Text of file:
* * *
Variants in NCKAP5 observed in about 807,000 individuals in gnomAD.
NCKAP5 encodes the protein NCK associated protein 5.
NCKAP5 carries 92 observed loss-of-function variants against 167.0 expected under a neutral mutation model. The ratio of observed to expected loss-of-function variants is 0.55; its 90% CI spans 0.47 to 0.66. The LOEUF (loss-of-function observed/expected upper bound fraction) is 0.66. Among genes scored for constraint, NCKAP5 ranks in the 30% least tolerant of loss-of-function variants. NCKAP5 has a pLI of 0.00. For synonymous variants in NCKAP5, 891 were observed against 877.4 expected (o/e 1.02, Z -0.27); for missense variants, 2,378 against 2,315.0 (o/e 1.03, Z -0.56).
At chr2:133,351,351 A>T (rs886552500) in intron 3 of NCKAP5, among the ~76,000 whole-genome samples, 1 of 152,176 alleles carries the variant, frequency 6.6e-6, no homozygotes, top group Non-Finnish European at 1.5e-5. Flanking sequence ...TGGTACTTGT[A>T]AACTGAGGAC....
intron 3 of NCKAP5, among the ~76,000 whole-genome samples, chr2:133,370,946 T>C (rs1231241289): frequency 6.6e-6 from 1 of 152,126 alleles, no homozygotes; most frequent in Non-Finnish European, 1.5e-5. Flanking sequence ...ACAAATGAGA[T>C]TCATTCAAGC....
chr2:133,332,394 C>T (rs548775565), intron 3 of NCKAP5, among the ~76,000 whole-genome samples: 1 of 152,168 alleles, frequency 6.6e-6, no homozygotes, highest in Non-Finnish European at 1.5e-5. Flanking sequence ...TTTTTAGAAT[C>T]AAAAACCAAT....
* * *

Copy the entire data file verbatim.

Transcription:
Variants in NCKAP5 observed in about 807,000 individuals in gnomAD.
NCKAP5 encodes the protein NCK associated protein 5.
NCKAP5 carries 92 observed loss-of-function variants against 167.0 expected under a neutral mutation model. The ratio of observed to expected loss-of-function variants is 0.55; its 90% CI spans 0.47 to 0.66. The LOEUF (loss-of-function observed/expected upper bound fraction) is 0.66. Among genes scored for constraint, NCKAP5 ranks in the 30% least tolerant of loss-of-function variants. NCKAP5 has a pLI of 0.00. For synonymous variants in NCKAP5, 891 were observed against 877.4 expected (o/e 1.02, Z -0.27); for missense variants, 2,378 against 2,315.0 (o/e 1.03, Z -0.56).
At chr2:133,351,351 A>T (rs886552500) in intron 3 of NCKAP5, among the ~76,000 whole-genome samples, 1 of 152,176 alleles carries the variant, frequency 6.6e-6, no homozygotes, top group Non-Finnish European at 1.5e-5. Flanking sequence ...TGGTACTTGT[A>T]AACTGAGGAC....
intron 3 of NCKAP5, among the ~76,000 whole-genome samples, chr2:133,370,946 T>C (rs1231241289): frequency 6.6e-6 from 1 of 152,126 alleles, no homozygotes; most frequent in Non-Finnish European, 1.5e-5. Flanking sequence ...ACAAATGAGA[T>C]TCATTCAAGC....
chr2:133,332,394 C>T (rs548775565), intron 3 of NCKAP5, among the ~76,000 whole-genome samples: 1 of 152,168 alleles, frequency 6.6e-6, no homozygotes, highest in Non-Finnish European at 1.5e-5. Flanking sequence ...TTTTTAGAAT[C>T]AAAAACCAAT....